Harvard Establishes 'Hip-Hop Fellowship' In Name of Nas
Multi-platinum rapper Nas, known for his unique lyrical delivery and socially conscious message, is being honored in the world of academia.
Harvard University, in partnership with The Hip-Hop Archive and the W.E.B. Du Bois Institute, establish the Nasir Jones Hip-Hop Fellowship, in the artist’s full name. Members of the Harvard University faculty will make up the selection committee.
In a press release announcing the scholarship, Nas said he feels fortunate to have achieved so much through art throughout his life. “My hopes are that greed for knowledge, art, self-determination and expression go a long way. ... It is a true honor to have my name attached to so much hard work, alongside great names like Henry Louis Gates, Jr. and W.E.B. Du Bois and to such a prestigious and historical institution, and all in the name of the music I grew to be a part of.”
The Hip-Hop Archive and Research Institute -- established in 2002 by its director Marcyliena Morgan, a Professor of African and African American Studies at Harvard -- focuses on all multimedia forms of hip-hop, including recordings, videos, film, papers and publications. The archive mission states its commitment to support innovative hip-hop scholarship that reflects the achievement of its performance and transforms everyday thought and cultural consumption.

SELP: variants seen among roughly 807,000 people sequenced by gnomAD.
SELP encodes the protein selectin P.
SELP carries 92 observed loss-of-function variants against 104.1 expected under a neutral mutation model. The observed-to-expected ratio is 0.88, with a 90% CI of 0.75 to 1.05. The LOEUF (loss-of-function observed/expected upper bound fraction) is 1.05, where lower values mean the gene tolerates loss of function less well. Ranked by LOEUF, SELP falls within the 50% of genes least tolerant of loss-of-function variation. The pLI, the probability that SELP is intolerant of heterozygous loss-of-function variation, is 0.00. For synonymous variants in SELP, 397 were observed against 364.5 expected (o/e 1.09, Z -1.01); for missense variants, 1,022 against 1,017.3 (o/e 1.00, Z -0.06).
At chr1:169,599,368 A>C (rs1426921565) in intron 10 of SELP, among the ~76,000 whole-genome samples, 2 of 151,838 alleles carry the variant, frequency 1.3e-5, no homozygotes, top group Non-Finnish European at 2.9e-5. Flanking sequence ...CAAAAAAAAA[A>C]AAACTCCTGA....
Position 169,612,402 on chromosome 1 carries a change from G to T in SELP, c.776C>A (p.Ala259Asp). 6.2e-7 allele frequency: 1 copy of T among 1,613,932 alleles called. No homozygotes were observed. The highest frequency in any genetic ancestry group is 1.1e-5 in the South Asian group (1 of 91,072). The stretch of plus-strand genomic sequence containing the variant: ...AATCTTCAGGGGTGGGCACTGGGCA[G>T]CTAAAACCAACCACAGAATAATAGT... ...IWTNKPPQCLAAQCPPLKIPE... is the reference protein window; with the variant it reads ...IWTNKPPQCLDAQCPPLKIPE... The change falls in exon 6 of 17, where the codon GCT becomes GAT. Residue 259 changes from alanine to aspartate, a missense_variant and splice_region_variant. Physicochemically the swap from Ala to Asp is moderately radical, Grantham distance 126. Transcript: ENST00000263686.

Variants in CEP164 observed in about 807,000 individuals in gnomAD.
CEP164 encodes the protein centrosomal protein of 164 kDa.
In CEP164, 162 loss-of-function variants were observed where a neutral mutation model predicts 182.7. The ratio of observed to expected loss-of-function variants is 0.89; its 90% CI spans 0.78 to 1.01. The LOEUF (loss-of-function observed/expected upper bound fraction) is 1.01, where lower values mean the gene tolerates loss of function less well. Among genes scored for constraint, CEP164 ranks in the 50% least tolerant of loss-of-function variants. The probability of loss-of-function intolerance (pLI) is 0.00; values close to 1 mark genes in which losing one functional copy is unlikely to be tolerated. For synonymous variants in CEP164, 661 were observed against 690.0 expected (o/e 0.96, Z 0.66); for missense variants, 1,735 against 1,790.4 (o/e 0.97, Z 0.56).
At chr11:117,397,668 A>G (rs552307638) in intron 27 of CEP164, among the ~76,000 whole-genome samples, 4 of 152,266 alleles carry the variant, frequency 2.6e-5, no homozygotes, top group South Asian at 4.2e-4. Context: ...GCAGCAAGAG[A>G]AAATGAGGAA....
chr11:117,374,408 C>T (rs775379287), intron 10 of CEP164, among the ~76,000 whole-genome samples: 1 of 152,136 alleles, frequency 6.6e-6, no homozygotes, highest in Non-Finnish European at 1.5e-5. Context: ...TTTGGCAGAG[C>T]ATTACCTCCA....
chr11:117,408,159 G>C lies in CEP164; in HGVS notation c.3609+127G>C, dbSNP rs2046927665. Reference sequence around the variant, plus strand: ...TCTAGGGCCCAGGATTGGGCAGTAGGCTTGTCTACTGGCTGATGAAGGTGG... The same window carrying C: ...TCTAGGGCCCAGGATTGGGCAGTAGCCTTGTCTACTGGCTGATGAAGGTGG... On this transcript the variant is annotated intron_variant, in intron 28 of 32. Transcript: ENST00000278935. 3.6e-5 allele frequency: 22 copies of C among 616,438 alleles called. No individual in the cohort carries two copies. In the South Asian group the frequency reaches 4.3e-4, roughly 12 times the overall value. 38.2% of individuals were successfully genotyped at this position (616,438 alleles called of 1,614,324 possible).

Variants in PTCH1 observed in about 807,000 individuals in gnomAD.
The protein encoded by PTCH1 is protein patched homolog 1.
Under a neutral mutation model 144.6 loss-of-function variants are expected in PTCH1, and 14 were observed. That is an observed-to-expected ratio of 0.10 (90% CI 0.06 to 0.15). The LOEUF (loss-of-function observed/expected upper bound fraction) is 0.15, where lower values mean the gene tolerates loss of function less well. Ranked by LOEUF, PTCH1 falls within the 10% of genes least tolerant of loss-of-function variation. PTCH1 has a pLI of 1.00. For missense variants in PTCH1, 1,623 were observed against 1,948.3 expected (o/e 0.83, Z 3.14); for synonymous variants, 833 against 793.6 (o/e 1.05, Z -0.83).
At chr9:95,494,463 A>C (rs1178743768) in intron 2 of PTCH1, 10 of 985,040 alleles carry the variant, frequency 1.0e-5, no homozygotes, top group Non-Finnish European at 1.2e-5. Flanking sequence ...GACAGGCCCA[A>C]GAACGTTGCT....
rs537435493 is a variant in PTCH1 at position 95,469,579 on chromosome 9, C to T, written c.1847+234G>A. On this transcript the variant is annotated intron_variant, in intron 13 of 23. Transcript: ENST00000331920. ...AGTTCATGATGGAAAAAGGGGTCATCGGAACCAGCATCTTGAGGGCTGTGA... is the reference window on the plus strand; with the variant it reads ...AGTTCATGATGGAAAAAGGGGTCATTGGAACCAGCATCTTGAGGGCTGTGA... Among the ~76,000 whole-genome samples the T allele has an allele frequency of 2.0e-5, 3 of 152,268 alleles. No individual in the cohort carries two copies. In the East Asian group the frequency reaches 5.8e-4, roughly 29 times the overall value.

“With the introduction of the Nasir Jones Hip-Hop Fellowship, we will continue to be the leading resource for those interested in knowing, developing, building, maintaining and representing hip-hop,” Morgan said.
The archive found its permanent home at the W.E.B. Du Bois Institute of African and African American Research -- named after Du Bois, the first African American to receive a Ph.D. from Harvard -- at the university in 2008. The Institute, established in 1975, was created to “facilitate the writing of doctoral dissertations in areas related to Afro-American Studies,” according to its website. The institute offers lecture series, art exhibitions, conferences and archival documents, among other projects.
Added Henry Louis Gates, Jr., Alphonse Fletcher University professor and director of the W. E. B. Du Bois Institute for African and African American Research: “Nas is a true visionary, and he consistently shows how boundaries can be pushed and expanded to further the cause of education and knowledge."